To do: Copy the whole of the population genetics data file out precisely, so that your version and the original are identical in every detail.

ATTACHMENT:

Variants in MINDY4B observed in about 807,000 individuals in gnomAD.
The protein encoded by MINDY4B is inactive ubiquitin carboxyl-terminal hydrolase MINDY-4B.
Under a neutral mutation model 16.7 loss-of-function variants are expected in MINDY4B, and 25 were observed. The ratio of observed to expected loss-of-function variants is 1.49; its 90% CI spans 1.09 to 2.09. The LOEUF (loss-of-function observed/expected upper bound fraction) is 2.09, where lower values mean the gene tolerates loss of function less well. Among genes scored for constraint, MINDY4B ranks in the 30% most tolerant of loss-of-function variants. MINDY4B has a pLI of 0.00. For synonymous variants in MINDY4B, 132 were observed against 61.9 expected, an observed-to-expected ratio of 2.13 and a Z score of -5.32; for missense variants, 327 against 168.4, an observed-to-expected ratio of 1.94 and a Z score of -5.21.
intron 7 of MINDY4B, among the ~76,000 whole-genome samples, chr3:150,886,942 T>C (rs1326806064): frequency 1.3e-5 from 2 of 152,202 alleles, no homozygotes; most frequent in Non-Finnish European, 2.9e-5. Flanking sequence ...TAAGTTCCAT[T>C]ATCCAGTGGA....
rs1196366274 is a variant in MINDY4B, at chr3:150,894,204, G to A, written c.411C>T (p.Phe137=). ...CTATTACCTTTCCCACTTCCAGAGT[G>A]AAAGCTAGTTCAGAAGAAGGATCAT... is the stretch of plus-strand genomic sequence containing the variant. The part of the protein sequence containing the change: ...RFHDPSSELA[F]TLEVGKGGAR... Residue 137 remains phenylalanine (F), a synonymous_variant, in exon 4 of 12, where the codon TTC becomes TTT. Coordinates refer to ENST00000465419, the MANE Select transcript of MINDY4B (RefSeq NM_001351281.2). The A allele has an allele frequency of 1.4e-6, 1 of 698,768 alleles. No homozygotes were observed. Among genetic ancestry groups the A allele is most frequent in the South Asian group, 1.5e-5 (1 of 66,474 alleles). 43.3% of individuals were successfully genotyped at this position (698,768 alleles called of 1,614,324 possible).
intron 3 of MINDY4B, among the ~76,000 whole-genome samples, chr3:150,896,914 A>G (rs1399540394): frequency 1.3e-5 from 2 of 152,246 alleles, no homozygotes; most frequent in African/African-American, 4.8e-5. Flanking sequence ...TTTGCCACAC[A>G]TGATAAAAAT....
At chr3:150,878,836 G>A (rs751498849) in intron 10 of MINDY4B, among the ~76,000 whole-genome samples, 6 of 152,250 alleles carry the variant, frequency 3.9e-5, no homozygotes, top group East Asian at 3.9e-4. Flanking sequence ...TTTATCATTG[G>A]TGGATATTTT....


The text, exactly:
Variants in MINDY4B observed in about 807,000 individuals in gnomAD.
The protein encoded by MINDY4B is inactive ubiquitin carboxyl-terminal hydrolase MINDY-4B.
Under a neutral mutation model 16.7 loss-of-function variants are expected in MINDY4B, and 25 were observed. The ratio of observed to expected loss-of-function variants is 1.49; its 90% CI spans 1.09 to 2.09. The LOEUF (loss-of-function observed/expected upper bound fraction) is 2.09, where lower values mean the gene tolerates loss of function less well. Among genes scored for constraint, MINDY4B ranks in the 30% most tolerant of loss-of-function variants. MINDY4B has a pLI of 0.00. For synonymous variants in MINDY4B, 132 were observed against 61.9 expected, an observed-to-expected ratio of 2.13 and a Z score of -5.32; for missense variants, 327 against 168.4, an observed-to-expected ratio of 1.94 and a Z score of -5.21.
intron 7 of MINDY4B, among the ~76,000 whole-genome samples, chr3:150,886,942 T>C (rs1326806064): frequency 1.3e-5 from 2 of 152,202 alleles, no homozygotes; most frequent in Non-Finnish European, 2.9e-5. Flanking sequence ...TAAGTTCCAT[T>C]ATCCAGTGGA....
rs1196366274 is a variant in MINDY4B, at chr3:150,894,204, G to A, written c.411C>T (p.Phe137=). ...CTATTACCTTTCCCACTTCCAGAGT[G>A]AAAGCTAGTTCAGAAGAAGGATCAT... is the stretch of plus-strand genomic sequence containing the variant. The part of the protein sequence containing the change: ...RFHDPSSELA[F]TLEVGKGGAR... Residue 137 remains phenylalanine (F), a synonymous_variant, in exon 4 of 12, where the codon TTC becomes TTT. Coordinates refer to ENST00000465419, the MANE Select transcript of MINDY4B (RefSeq NM_001351281.2). The A allele has an allele frequency of 1.4e-6, 1 of 698,768 alleles. No homozygotes were observed. Among genetic ancestry groups the A allele is most frequent in the South Asian group, 1.5e-5 (1 of 66,474 alleles). 43.3% of individuals were successfully genotyped at this position (698,768 alleles called of 1,614,324 possible).
intron 3 of MINDY4B, among the ~76,000 whole-genome samples, chr3:150,896,914 A>G (rs1399540394): frequency 1.3e-5 from 2 of 152,246 alleles, no homozygotes; most frequent in African/African-American, 4.8e-5. Flanking sequence ...TTTGCCACAC[A>G]TGATAAAAAT....
At chr3:150,878,836 G>A (rs751498849) in intron 10 of MINDY4B, among the ~76,000 whole-genome samples, 6 of 152,250 alleles carry the variant, frequency 3.9e-5, no homozygotes, top group East Asian at 3.9e-4. Flanking sequence ...TTTATCATTG[G>A]TGGATATTTT....